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S&W Revolvers: 1980 to the Present All NON-PINNED Barrels, the L-Frames, and the New Era Revolvers


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  #51  
Old 02-03-2020, 10:35 AM
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Originally Posted by lrrifleman View Post
.../

/...My personal belief is that you should practice with what you carry. That would mean a healthy diet of magnums, which leads to the forcing cone issues with the K frame 357s (13, 19, 65, & 66). Therefore, I opted for the 686+, viewing it as a bigger version of my 36-6.
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Originally Posted by ContinentalOp View Post
That's only an issue if you're using 125gr and lighter full-power loads (i.e., 125gr @ 1450fps). Mid-range magnum loads or heavier bullets are fine.

And there's nothing wrong with using lower power ammo for most of your practice, as long as you still shoot full-power loads periodically to maintain proficiency. That's what I've done with my revolvers and haven't experienced any issues with it.
I've posted on it in depth before, but there's more to it than just the bullet weight. It's the 125 gr bullets that get the bad press for forcing cone cracks, while 110 grain bullets are never implicated, and heavier bullets are also not associated with forcing cone cracks.

The big internet myth, a carryover from the older gun rag myth, is that the short 125 gr bullet allows gas to by pass it in the cylinder and pre-heat the forcing cone before the bullet gets there. Thermodynamically speaking that theory doesn't wash as there is not enough plasma or time involved to heat the forcing cone significantly before the bullet gets there. And if that were true, 110 grain and 90 grain loads would have that problem in spades.

The critical difference is the powder used and the amount of powder used in 90 and 110 grain loads, versus 125 gr loads and 158 gr loads.

The light 90 and 110 grain loads do not use slow burning colloidal ball powders, instead they use medium burning powders. Those powder charges are lighter by weight and are generally not large grain abrasive colloidal ball powders.

Slow burning colloidal ball powders are the norm for 125 grain and 158 grain loads, the difference is that the lighter 125 gr load will use 21-22 grains of powder, compared to 15-16 grains for a 158 grain load. That equates to about 40% more plasma and partially burned powder flowing through the forcing cone with each shot.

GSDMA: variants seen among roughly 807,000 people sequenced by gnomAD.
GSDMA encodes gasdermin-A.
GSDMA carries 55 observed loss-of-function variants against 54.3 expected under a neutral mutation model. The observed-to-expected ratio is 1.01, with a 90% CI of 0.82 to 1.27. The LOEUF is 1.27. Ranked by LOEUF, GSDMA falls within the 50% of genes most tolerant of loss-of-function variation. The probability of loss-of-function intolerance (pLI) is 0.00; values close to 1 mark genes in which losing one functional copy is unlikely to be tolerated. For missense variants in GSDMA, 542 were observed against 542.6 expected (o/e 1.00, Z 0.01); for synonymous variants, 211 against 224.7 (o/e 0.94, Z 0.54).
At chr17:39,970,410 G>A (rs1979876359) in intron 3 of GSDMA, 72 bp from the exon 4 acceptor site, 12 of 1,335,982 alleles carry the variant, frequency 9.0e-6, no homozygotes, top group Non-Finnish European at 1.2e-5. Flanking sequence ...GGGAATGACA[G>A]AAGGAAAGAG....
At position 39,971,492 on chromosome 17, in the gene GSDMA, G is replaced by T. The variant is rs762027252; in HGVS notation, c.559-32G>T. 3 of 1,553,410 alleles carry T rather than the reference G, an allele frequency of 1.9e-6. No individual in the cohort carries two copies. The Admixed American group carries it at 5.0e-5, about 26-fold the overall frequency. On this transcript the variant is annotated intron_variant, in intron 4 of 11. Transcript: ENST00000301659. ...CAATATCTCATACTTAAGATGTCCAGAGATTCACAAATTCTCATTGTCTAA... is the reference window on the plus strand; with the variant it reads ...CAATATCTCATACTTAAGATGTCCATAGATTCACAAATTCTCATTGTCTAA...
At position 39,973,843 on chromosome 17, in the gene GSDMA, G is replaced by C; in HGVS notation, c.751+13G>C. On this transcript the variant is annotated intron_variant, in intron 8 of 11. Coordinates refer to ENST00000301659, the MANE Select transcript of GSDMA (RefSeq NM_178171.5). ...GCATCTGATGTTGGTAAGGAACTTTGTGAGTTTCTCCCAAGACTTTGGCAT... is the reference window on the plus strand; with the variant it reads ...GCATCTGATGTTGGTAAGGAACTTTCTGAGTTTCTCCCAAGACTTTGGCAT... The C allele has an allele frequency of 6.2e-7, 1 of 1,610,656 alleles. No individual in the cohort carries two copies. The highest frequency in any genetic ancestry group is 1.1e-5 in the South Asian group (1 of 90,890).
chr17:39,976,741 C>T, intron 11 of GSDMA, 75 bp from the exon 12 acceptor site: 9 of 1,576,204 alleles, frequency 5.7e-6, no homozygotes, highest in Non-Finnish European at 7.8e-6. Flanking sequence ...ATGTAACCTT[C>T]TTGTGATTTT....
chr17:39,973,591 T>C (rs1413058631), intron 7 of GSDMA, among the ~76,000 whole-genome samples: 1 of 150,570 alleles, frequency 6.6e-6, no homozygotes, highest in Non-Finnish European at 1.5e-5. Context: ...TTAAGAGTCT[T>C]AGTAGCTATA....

That extra 40% greater powder charge is also additional heat working on the forcing cone behind the bullet, and it's 40% more mass and 40% more abrasive partially burnt powder flowing over the forcing cone. Over a large number of rounds, it makes a big difference. Even without the loads running hotter and accelerating the forcing cone erosion, it's still 40% more powder and plasma mass flowing over the forcing cone with 40% more erosion per shot. It's harder to calculate how much acceleration the extra heat adds, but the 125 gr loads using slow burning colloidal ball powders probably produce twice the erosion per shot as a 158 gr load using the same powder.

Given the very high round counts usually needed to get enough erosion to initiate a forcing cone crack in a K frame .357 Magnum with 125 grain (which still occurs in an exceedingly small percentage of K frame .357s), you'd need twice the round count to get the same effect with 158 gr bullets. By that time the revolver will have almost inevitably been fired with at least some 125 gr rounds and a if a crack occurs they'll get the blame. When it's really the colloidal ball powder doing the damage.

The 125 gr bullets however took the rap as they came along about the same time that colloidal ball powders started to be popular in the .357 Magnum (and of course they use more of it). And, that occured at the same time police departments started getting sued for under training officers and switched from practicing with .38 Special and reserving .357 Magnum for duty use, to using .357 Magnum for practice as well.

So you now had 125 gr bullets powered by large charges of colloidal ball powders being used all of the time in Model 19s that were designed to primarily shoot .38 Special with occasional firing of .357 Magnum loads - which when designed used medium burn rate flake powders.
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  #52  
Old 02-03-2020, 03:34 PM
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Originally Posted by CH4 View Post
I have and carry all three. Of the 3 you mention, I find the 66 a good compromise for size and capacity. The 7 shot 686 plus helps justify the difference in its weight and size; however, it’s hard to beat a 5 shot J Frame for ease of carry. For me it comes down to what I am wearing, mood and where I am going to be hanging out.
yup, me too. EDIT: regarding clothing and mood.

Last edited by Mongo1958; 02-05-2020 at 05:14 AM.
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  #53  
Old 02-04-2020, 04:13 AM